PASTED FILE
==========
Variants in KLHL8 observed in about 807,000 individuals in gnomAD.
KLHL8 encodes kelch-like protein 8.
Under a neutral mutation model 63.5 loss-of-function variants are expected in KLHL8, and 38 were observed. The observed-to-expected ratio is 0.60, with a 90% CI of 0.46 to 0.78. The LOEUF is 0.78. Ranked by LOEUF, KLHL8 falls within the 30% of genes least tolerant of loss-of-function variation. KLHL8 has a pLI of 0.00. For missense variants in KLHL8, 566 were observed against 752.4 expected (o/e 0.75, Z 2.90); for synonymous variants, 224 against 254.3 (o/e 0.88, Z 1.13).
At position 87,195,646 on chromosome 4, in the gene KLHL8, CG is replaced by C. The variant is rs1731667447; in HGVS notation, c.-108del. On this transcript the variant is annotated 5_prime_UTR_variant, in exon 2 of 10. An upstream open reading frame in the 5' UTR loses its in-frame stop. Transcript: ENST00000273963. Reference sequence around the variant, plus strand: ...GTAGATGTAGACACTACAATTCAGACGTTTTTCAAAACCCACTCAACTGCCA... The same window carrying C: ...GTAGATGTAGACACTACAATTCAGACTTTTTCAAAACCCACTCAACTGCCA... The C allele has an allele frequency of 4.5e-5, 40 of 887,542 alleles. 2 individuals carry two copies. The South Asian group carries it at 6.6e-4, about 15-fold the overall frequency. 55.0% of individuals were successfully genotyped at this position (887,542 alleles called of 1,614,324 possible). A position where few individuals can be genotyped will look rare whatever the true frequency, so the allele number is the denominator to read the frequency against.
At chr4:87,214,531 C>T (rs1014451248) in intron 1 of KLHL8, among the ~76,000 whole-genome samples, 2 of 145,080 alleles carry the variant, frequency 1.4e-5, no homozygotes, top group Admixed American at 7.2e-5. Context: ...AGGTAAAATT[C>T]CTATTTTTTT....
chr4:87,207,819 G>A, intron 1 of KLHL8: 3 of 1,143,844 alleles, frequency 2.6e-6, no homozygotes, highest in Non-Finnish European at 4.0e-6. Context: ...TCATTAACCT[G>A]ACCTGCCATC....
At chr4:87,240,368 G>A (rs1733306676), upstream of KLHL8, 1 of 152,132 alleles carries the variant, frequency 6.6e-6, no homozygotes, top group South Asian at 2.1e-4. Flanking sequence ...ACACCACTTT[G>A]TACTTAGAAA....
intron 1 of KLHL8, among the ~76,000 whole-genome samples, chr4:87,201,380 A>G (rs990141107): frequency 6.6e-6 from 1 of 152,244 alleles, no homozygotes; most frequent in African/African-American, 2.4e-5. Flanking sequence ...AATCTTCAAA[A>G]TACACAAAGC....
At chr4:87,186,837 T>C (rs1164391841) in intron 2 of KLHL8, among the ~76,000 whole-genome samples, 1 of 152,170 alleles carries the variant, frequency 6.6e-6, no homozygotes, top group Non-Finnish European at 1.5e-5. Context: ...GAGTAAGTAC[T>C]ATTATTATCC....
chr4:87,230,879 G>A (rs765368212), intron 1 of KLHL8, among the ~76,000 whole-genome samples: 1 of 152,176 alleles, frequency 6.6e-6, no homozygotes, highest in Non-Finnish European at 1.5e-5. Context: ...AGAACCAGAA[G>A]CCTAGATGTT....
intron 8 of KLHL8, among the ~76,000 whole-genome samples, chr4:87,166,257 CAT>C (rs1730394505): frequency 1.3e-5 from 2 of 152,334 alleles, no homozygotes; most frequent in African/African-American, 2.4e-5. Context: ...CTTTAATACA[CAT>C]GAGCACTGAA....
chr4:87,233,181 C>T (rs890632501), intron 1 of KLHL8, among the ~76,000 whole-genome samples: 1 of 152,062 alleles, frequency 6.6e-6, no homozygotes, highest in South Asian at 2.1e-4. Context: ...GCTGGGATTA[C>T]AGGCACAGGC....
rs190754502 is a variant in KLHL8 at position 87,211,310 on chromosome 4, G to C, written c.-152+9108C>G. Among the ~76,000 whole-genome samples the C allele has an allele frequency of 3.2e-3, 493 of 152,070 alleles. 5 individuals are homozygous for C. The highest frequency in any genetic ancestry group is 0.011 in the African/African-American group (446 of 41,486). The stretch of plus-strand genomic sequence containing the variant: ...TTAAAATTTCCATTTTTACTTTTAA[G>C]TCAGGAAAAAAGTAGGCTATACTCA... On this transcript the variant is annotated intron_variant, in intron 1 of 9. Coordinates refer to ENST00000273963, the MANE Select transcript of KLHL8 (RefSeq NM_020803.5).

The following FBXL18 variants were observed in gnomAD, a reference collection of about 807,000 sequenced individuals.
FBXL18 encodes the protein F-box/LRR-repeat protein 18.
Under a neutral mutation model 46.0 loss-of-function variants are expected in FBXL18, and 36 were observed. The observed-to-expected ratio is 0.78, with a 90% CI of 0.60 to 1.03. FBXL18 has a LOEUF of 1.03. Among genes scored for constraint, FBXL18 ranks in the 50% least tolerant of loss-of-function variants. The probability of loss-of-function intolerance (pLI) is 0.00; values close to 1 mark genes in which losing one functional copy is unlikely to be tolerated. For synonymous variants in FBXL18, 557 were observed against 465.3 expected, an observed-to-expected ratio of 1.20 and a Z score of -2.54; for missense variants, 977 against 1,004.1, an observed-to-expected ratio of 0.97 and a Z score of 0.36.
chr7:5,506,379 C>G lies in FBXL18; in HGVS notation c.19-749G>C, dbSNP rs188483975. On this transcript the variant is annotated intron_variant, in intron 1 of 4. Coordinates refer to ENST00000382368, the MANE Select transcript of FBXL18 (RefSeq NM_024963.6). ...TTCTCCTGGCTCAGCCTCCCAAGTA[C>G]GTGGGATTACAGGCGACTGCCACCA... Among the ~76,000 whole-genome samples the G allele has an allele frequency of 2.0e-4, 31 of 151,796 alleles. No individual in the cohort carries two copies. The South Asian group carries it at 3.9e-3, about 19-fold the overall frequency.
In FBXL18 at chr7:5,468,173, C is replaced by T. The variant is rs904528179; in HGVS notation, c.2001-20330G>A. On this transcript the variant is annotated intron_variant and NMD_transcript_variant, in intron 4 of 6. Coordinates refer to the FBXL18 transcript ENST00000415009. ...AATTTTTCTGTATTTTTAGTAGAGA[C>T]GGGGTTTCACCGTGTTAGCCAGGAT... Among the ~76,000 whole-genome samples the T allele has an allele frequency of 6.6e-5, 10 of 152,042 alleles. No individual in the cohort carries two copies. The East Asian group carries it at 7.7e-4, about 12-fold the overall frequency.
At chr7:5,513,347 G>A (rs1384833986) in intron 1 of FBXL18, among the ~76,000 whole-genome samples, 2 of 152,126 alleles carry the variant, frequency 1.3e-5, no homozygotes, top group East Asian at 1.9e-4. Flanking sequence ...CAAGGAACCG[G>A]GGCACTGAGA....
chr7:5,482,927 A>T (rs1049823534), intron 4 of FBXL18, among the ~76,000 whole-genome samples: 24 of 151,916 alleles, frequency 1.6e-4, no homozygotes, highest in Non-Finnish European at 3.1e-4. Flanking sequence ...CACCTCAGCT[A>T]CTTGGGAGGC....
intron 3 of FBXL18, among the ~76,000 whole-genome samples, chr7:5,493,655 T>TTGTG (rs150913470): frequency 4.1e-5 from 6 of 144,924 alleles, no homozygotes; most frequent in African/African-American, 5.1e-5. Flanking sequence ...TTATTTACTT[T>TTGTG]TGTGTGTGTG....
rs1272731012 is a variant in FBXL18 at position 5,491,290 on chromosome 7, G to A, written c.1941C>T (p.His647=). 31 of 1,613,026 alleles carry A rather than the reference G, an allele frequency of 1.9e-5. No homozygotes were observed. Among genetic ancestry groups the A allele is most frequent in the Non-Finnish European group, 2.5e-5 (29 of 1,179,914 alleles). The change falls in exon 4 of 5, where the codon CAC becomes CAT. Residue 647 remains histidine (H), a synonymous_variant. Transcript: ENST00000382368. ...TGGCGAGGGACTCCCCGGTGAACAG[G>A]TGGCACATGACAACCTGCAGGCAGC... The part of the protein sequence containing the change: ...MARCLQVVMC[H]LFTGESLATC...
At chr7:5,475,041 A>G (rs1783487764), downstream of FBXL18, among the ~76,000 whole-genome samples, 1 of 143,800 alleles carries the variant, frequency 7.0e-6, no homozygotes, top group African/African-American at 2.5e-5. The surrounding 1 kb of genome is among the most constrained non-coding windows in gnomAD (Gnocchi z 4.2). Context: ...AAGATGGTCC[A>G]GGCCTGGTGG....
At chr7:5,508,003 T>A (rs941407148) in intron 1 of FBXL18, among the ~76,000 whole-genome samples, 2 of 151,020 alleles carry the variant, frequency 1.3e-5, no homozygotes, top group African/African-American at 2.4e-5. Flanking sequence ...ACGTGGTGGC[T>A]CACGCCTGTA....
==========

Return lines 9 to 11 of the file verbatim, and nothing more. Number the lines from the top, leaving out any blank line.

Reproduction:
At chr4:87,186,837 T>C (rs1164391841) in intron 2 of KLHL8, among the ~76,000 whole-genome samples, 1 of 152,170 alleles carries the variant, frequency 6.6e-6, no homozygotes, top group Non-Finnish European at 1.5e-5. Context: ...GAGTAAGTAC[T>C]ATTATTATCC....
chr4:87,230,879 G>A (rs765368212), intron 1 of KLHL8, among the ~76,000 whole-genome samples: 1 of 152,176 alleles, frequency 6.6e-6, no homozygotes, highest in Non-Finnish European at 1.5e-5. Context: ...AGAACCAGAA[G>A]CCTAGATGTT....
intron 8 of KLHL8, among the ~76,000 whole-genome samples, chr4:87,166,257 CAT>C (rs1730394505): frequency 1.3e-5 from 2 of 152,334 alleles, no homozygotes; most frequent in African/African-American, 2.4e-5. Context: ...CTTTAATACA[CAT>C]GAGCACTGAA....